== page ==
Mitchell J. Cohen, MD, is the vice chair for education and an associate professor in the Department of Psychiatry and Human Behavior and the director of the Pain Medicine Program at Sidney Kimmel College of Medicine at Thomas Jefferson University in Philadelphia. Dr. Cohen has served on committees at national organizations, including the American Pain Society, the American Board of Pain Medicine, the Accreditation Council for Graduate Medical Education, and the National Board of Medical Examiners. His areas of expertise are medical education and pain medicine.
William Filer, MD, is an assistant professor at the University of North Carolina School of Medicine in Chapel Hill, where he serves as the associate director of the Physical Medicine and Rehabilitation Residency Program. His clinical interests include neuromuscular and traumatic brain injury rehabilitation, amputee care, electrodiagnosis, and performing arts medicine.
Michael Fredericson, MD, is a professor and the director of physical medicine and rehabilitation sports medicine and of nonoperative sports medicine fellowships at Stanford University School of Medicine in Stanford, California. He has been a team physician with Stanford Athletics for more than 20 years and has lectured and published extensively on the treatment of sports injuries.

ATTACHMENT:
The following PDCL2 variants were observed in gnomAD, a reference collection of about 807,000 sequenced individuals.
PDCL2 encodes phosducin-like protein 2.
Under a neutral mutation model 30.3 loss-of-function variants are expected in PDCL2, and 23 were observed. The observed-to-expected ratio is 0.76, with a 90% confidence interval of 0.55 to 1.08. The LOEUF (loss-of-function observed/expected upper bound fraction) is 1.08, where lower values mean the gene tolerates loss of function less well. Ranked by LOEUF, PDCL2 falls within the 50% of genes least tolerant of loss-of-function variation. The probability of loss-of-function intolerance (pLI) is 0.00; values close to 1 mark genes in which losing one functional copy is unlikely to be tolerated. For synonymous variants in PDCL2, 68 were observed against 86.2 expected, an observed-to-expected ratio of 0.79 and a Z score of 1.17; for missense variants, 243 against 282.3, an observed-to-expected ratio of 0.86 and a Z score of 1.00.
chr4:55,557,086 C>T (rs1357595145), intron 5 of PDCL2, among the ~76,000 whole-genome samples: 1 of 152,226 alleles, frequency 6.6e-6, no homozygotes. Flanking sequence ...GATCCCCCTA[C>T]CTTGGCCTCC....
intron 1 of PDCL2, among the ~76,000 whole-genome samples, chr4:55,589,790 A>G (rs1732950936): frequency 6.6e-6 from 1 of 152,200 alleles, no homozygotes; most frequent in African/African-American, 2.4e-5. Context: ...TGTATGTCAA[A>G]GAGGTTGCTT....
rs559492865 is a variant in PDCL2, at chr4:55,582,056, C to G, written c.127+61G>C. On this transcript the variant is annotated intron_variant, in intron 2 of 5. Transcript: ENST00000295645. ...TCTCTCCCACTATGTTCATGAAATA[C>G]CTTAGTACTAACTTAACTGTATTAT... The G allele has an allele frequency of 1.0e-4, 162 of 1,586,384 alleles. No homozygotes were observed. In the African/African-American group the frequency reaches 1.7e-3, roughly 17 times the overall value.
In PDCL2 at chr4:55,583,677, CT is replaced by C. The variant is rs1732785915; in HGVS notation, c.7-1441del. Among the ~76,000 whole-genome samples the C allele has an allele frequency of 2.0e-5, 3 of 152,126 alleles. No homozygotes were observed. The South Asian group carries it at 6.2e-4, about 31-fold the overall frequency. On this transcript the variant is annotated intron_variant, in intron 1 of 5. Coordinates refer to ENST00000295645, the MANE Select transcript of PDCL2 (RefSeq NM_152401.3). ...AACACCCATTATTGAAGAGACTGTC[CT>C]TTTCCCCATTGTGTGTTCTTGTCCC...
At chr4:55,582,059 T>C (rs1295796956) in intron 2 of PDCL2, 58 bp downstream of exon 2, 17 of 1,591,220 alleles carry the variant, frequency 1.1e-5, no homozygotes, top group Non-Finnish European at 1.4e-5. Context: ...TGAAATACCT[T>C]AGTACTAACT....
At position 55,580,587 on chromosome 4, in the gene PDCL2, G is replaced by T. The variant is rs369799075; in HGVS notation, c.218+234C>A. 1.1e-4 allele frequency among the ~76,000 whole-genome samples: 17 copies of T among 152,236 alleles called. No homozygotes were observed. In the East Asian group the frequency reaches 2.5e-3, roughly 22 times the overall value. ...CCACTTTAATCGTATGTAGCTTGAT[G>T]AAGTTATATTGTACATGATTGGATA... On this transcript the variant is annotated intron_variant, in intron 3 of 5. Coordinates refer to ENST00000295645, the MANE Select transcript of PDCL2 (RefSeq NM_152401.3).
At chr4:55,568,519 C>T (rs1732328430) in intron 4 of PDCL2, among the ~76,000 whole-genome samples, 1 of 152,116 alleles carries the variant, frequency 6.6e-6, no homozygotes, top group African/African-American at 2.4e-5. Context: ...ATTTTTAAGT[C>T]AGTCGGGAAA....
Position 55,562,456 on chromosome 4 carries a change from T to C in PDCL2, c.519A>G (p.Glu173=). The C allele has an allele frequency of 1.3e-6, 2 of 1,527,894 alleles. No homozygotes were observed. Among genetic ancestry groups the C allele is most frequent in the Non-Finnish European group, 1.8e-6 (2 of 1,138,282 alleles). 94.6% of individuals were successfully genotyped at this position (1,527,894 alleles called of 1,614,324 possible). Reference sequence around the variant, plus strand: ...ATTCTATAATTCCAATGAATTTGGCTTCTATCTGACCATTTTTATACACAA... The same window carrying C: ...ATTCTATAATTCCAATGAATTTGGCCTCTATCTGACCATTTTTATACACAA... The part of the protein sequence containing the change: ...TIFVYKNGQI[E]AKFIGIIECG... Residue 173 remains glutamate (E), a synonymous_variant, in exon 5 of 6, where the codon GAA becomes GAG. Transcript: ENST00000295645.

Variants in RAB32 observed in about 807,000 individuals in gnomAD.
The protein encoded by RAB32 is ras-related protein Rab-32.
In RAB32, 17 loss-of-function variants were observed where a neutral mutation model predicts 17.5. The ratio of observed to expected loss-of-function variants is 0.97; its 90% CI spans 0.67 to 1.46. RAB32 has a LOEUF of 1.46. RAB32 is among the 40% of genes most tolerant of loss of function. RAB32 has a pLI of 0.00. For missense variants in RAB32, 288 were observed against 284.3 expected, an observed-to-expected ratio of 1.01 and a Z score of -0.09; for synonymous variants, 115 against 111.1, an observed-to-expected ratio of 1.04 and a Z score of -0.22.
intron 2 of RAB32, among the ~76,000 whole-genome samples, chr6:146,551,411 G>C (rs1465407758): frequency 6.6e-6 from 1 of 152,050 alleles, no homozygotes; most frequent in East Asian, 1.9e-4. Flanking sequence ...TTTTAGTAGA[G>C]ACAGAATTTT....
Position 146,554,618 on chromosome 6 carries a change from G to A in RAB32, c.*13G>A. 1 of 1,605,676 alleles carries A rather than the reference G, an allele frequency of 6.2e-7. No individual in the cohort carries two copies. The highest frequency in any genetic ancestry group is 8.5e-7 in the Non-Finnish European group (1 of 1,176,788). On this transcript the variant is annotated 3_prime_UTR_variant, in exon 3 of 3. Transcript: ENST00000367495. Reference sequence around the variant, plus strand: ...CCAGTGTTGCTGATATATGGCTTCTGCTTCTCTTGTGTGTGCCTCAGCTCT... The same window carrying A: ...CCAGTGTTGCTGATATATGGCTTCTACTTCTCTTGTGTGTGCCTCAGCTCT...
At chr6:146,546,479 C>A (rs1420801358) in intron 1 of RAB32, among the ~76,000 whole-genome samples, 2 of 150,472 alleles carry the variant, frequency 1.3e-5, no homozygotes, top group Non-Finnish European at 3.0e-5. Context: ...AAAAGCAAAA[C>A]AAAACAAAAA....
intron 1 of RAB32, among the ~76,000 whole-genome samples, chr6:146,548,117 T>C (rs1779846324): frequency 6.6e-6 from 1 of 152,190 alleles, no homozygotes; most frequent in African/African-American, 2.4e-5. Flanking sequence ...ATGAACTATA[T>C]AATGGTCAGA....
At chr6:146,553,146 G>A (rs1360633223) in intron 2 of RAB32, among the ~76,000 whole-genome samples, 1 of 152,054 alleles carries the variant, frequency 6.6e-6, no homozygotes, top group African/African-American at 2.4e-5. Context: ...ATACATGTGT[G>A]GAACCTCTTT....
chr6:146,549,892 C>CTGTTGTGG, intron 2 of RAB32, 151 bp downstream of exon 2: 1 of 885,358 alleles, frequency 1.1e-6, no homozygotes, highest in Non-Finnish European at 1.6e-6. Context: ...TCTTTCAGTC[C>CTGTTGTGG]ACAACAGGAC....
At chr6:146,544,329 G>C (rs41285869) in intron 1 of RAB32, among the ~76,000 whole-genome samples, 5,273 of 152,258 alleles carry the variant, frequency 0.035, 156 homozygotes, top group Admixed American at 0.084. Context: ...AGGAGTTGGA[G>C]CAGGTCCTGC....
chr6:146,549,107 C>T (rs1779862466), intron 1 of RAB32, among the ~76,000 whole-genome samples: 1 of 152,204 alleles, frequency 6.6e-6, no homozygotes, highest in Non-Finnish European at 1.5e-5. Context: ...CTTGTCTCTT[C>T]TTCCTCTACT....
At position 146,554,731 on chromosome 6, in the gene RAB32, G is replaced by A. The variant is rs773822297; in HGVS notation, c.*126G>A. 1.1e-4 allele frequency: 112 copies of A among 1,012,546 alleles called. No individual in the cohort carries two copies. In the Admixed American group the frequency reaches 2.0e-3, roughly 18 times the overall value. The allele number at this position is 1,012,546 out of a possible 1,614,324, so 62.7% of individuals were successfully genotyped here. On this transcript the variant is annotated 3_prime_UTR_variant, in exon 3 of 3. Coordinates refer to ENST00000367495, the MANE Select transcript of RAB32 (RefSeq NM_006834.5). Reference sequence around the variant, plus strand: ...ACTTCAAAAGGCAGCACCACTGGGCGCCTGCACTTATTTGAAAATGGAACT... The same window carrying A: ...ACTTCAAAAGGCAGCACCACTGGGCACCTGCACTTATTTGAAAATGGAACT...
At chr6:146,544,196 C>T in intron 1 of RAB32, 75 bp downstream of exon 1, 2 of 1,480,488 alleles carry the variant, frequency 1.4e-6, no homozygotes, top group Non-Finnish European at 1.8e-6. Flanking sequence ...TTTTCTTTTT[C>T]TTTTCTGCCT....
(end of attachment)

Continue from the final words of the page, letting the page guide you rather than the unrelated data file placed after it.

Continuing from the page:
James Hill, MD, MPH, is director of the Physical Medicine and Rehabilitation Residency Program and an assistant professor at the University of North Carolina School of Medicine in Chapel Hill. Dr. Hill is a graduate of the NIH-sponsored Rehabilitation Medicine Scientist Training Program (RMSTP). His research and clinical work focus on the intersection of work and health, including work disability, absenteeism, and return to work after injury and illness.